There is a scene in Tokyo Girl (2016), a Japanese limited series directed by Yuki Tanada, in which Aya (Asami Mizukawa) is going through her husband’s wardrobe. She comes across an instruction manual. It contains the do’s and don'ts of seeming like a modern partner. Translated to English, a line stands out specifically: “I am supportive of my wife’s ambition”. It is the exact same line he had used on her when they had met through a matchmaking outlet. The marriage had been on the brink of collapse for a while — he was possibly cheating on her with someone he felt was more inclined towards domestic duties, and felt resentful of her success. The discovery that the sentence is adopted from a particular script, and not an expression of genuine feeling, doesn’t pull the ground out from her feet, but registers with a gentle thud.
A man feeling emasculated by his career-oriented wife and choosing a woman who feels less threatening is a cliché and Tokyo Girl is full of such moments that could have easily seemed banal. But this show’s preoccupation is not to contend with clichés or add an extra layer of edge. It is to preserve and dignify them.
In the beginning, we have Aya, swept with awe in Tokyo, infatuated with the dream of moving to a big city. A fantasy contextualises this: Her, walking out of a towering corporate building, clad in designer clothes. There is a youthful abandon and cockiness in the way she feels she has a right to this life. Through 11 episodes, Tokyo Girl delves into her life in the city as she flits from one neighbourhood to another, indicating her socio-economic mobility within the city as well as her relationship to her past selves.
Aya starts at a clothing company as an entry-level employee in the city, paying careful attention to gossip, but careful of not indulging in it too much. She doesn’t want to be one of “them”; she wants to be the one whose gaze they hide from as they apply their lip gloss and talk about how their female superior is sleeping with the married founder of the company.
She starts dating a man who belongs to the same town as her, and lives at a walking distance from her apartment building — a budget-friendly rented place, all she could afford on her entry-level salary. For five years, the two are in a stable and uneventful relationship. In a city, where the details of where you come from are sometimes supposed to recede to the background, Aya ponders upon the familiarity her partner offers and the source of the comfort he offers. Yet there is an itch against this contentedness. When she has a meet-cute with a man — clearly rich, and additionally, extremely attractive — she is ruthless in discarding her half-a-decade-long relationship for him and what he signifies, guising the decision as a rightful pursuit of growth and redirection.
Aya gets promoted at her organisation, and casually remarks how the women who used to gossip about her superior, now talk behind closed doors about who Aya is seeing and sleeping with, ostensibly in a bid for power etc etc. She discloses this with a smirk, and a sense of pride. With the man she left her long-term partner for, the relationship unravels like poorly-played tetris: she cannot manage to fold into his expectations, he doesn't find her matching his ambitious strides. Their initial moments of lust dissolve into a cesspool of misery and uncertainty. He ends up getting engaged to someone else, a woman hailing from more economic privilege than Aya commands.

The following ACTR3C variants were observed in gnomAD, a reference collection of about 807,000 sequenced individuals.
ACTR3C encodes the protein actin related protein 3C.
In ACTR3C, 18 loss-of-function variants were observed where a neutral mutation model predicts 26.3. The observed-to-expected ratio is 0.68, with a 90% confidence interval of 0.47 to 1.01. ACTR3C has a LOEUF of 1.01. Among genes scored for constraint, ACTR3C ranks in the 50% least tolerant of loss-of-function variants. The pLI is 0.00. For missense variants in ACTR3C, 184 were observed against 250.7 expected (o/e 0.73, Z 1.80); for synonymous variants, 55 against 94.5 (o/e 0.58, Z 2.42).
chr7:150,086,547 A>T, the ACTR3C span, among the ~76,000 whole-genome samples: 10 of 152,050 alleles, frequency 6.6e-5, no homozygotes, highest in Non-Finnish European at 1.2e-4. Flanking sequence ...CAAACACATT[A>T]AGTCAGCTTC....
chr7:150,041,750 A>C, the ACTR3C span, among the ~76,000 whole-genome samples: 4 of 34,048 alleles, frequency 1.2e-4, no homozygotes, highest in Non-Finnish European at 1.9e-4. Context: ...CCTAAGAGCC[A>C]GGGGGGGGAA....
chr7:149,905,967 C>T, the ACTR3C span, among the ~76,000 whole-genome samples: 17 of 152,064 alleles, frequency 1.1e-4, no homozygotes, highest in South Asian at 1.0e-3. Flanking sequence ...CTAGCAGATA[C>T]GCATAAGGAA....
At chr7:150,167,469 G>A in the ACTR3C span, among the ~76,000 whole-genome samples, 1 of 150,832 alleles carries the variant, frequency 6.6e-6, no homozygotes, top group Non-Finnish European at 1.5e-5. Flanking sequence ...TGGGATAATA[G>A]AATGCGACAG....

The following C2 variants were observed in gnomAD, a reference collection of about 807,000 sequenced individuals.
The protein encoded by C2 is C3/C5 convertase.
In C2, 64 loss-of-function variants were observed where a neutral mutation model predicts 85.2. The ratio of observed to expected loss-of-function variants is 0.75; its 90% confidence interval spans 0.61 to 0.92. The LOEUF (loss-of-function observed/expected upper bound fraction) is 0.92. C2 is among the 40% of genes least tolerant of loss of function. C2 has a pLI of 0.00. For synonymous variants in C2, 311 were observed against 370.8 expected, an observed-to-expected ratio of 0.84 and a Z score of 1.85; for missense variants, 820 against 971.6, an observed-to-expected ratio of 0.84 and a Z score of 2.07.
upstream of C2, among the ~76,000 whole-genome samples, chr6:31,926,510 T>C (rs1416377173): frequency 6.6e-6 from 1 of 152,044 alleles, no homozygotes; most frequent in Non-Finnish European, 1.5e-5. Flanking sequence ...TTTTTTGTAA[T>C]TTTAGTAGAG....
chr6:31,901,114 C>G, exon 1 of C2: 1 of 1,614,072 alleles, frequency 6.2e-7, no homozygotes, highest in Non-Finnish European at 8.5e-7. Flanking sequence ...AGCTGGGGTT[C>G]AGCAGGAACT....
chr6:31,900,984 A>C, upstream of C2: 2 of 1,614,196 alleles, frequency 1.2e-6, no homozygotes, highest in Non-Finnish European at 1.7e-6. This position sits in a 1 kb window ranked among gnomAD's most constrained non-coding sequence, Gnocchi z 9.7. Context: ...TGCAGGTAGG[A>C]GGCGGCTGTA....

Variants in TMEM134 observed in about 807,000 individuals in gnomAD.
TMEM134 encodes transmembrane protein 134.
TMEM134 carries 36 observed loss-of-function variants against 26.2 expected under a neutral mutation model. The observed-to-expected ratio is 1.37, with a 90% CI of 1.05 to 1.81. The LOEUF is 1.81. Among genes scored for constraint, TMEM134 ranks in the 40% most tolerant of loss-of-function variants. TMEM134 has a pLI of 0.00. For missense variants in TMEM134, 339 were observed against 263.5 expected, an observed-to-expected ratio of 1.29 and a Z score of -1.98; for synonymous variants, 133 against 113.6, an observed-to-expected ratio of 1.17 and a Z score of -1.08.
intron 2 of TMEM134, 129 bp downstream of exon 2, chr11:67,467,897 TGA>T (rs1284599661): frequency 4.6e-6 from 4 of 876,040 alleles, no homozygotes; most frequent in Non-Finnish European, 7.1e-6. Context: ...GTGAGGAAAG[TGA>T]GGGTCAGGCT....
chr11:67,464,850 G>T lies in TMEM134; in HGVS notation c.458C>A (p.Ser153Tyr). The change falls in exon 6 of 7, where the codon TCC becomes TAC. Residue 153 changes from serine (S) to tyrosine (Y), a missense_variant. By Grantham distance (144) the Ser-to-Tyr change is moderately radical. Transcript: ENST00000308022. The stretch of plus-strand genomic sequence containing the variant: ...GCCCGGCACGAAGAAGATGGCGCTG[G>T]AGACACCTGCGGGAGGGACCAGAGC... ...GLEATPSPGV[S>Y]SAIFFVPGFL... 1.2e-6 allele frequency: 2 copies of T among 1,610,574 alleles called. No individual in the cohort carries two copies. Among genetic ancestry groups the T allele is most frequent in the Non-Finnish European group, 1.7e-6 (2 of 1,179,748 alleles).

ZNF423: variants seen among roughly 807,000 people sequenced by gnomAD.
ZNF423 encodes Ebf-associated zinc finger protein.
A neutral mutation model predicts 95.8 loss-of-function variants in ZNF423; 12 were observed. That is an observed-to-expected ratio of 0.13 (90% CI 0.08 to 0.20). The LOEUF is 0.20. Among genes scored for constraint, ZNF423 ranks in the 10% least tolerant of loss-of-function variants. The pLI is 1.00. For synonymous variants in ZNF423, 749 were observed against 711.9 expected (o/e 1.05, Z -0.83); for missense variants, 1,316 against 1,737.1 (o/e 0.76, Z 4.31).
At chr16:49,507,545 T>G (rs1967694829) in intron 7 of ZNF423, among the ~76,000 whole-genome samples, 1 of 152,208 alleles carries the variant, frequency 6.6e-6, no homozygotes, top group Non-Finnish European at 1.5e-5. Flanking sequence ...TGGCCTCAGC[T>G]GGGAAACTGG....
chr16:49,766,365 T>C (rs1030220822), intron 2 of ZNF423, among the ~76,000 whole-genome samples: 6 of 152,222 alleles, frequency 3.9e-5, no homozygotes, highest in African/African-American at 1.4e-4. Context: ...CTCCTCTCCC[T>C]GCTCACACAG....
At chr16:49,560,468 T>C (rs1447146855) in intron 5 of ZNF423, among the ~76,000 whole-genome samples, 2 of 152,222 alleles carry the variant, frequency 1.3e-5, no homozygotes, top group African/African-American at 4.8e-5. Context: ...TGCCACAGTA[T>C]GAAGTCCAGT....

As the series continues, Aya is not undone by her economic mobility as much as confused about its complications and consequences. Tokyo Girl is an illustration of that myth of anonymity in cities, the assumption that where you come from will be rendered inconsequential in favour of what you could become in a city. Yet Aya finds she is always scrutinised as the person from the small town of Akita, who manoeuvred her way into the upper echelons of Tokyo. She will always be too much for men who are both less successful or more economically comfortable; for her female friends with whom she sips tea and meets for brunches. She will never belong to the “older families” that have generational wealth and the casual privilege that comes with it. Even if the trajectory of her financial success is linear, there is a series of rejections cutting her access to that sense of belonging.
Clichés don’t exist to bore, they exist to humble. Aya, initially cocky and prideful, is left with lingering memories of a man she had spent five years with and the relationship she derided because it was too comfortable. Could she go back?
In the end, Aya is seen married to someone with a slightly similar background to hers, in a neighbourhood that has a heterogenous economic composition. Is this her happily ever after, Aya asks on behalf of the viewer. She thinks it is. From following a script provided to her as an outsider to realise her fantasy, she has switched to and acted on first-hand information, drawing on what she has learned about the city and how to slot herself in it.
In one of the last scenes, you see her cast a fond eye toward the women who move past her in the city, feeling a sense of solidarity with their bubbles of anonymity, convinced of their significance, and the implications of the identities they had conveniently left behind. As Aya fantasises about the women she sees, gently imagining professions for them, she’s accommodating perhaps the version of what they’re trying to become as well as the reality of who they are.